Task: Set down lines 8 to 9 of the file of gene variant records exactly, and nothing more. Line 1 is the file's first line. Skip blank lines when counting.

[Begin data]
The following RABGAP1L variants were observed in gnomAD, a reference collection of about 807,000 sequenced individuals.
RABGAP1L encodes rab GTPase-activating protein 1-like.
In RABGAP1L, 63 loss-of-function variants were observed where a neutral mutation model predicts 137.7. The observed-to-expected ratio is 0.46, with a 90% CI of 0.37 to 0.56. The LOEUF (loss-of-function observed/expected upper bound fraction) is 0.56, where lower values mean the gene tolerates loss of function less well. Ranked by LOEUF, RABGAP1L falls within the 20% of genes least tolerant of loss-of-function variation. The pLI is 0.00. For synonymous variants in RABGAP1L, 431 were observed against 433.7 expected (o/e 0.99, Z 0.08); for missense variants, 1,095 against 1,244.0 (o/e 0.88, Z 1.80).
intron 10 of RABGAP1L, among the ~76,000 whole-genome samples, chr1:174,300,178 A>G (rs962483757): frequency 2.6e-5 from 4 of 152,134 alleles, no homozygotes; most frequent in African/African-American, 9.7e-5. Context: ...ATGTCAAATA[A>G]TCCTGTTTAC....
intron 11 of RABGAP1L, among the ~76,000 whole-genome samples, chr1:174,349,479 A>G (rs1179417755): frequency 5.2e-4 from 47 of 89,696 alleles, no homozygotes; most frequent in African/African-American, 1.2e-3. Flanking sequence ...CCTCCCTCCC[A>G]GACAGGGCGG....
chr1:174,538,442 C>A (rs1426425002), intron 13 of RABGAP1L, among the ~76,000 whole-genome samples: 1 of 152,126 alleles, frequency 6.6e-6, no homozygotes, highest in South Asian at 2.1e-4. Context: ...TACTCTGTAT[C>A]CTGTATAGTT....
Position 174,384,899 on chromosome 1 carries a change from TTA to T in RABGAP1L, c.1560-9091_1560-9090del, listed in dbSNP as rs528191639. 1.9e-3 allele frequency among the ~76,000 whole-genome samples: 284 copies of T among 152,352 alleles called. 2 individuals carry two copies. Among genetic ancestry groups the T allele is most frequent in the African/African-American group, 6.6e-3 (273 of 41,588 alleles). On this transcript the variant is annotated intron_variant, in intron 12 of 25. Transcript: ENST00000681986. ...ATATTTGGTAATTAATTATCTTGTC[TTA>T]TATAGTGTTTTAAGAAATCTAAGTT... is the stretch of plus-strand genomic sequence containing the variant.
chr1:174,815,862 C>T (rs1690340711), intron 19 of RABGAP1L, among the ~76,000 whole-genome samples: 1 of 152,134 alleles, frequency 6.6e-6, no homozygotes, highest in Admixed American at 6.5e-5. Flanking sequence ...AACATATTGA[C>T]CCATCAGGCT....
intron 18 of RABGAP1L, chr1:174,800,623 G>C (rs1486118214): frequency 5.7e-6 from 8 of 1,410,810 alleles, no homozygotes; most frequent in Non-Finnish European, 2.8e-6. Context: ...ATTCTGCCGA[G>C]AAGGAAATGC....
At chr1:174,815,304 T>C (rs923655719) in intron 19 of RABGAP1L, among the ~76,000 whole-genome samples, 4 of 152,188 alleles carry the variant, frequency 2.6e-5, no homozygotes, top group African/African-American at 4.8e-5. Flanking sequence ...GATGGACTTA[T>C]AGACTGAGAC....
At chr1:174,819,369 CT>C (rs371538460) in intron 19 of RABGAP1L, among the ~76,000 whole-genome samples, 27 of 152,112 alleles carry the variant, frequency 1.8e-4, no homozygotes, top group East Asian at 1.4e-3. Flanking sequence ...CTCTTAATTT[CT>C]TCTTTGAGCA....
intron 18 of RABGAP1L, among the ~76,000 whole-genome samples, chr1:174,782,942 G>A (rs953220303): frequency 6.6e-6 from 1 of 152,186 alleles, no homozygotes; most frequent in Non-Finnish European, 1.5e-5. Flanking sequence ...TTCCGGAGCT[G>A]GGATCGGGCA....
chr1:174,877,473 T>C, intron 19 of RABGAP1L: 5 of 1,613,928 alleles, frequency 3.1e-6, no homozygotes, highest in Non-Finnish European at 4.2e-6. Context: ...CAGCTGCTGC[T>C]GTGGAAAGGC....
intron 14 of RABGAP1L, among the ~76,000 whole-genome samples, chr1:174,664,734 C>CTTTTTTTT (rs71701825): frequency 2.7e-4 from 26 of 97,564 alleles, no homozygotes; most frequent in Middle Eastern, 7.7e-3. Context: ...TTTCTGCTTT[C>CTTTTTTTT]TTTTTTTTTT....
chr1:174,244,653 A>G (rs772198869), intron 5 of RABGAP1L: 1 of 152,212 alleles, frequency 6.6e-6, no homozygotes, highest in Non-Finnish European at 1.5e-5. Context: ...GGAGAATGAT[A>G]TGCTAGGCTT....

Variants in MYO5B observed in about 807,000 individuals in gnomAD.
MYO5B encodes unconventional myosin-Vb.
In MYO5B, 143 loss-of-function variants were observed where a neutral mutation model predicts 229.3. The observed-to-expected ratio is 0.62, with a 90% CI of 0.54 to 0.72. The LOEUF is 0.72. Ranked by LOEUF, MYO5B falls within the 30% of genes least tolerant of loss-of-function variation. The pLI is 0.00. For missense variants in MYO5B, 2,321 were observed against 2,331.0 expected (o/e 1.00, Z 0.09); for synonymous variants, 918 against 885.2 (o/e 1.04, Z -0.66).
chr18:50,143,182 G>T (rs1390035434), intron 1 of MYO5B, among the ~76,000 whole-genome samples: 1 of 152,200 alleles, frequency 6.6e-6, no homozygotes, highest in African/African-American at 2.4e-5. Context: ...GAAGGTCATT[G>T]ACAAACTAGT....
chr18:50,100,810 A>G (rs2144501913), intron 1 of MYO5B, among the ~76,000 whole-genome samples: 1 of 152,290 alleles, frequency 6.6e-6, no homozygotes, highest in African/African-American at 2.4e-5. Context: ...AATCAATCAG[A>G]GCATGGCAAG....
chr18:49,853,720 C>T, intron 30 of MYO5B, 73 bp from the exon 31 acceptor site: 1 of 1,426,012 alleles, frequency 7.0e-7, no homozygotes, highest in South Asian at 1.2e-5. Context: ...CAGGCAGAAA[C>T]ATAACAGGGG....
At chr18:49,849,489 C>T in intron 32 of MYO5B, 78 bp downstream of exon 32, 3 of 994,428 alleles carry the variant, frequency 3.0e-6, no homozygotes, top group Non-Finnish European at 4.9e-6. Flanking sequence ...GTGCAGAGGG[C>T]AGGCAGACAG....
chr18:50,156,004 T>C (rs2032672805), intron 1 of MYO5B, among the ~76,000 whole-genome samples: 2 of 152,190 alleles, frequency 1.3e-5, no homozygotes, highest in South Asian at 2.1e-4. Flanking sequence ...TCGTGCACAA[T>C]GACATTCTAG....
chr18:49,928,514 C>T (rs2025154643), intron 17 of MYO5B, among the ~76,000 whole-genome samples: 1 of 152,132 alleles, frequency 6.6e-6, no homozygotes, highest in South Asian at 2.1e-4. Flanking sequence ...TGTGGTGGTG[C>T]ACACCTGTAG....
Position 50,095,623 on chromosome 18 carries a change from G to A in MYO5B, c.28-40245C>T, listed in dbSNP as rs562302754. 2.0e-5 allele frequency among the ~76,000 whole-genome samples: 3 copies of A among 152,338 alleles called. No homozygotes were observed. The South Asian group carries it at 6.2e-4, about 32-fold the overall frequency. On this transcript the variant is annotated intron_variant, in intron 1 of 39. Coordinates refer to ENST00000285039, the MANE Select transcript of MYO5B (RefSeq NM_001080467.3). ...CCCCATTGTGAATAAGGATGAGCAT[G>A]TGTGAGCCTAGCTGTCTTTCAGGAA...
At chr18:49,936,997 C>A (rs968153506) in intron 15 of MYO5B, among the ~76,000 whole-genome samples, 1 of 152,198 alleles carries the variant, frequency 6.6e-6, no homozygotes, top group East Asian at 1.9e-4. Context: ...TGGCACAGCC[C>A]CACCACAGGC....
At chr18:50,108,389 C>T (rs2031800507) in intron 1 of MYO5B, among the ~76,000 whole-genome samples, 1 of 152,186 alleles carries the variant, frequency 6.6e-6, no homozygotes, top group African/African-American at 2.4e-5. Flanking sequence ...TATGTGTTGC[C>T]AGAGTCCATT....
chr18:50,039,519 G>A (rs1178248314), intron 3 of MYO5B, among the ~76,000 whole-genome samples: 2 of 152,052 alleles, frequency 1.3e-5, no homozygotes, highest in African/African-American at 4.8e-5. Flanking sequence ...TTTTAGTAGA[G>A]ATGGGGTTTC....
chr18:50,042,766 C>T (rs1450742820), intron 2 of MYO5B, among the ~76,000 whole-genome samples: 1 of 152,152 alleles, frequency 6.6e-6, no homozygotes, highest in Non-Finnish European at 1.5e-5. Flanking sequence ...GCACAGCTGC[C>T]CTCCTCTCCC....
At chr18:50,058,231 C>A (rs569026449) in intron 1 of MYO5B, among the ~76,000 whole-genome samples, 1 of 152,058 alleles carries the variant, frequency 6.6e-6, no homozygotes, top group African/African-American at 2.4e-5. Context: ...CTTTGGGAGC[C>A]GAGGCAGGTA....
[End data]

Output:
chr1:174,815,862 C>T (rs1690340711), intron 19 of RABGAP1L, among the ~76,000 whole-genome samples: 1 of 152,134 alleles, frequency 6.6e-6, no homozygotes, highest in Admixed American at 6.5e-5. Flanking sequence ...AACATATTGA[C>T]CCATCAGGCT....
intron 18 of RABGAP1L, chr1:174,800,623 G>C (rs1486118214): frequency 5.7e-6 from 8 of 1,410,810 alleles, no homozygotes; most frequent in Non-Finnish European, 2.8e-6. Context: ...ATTCTGCCGA[G>C]AAGGAAATGC....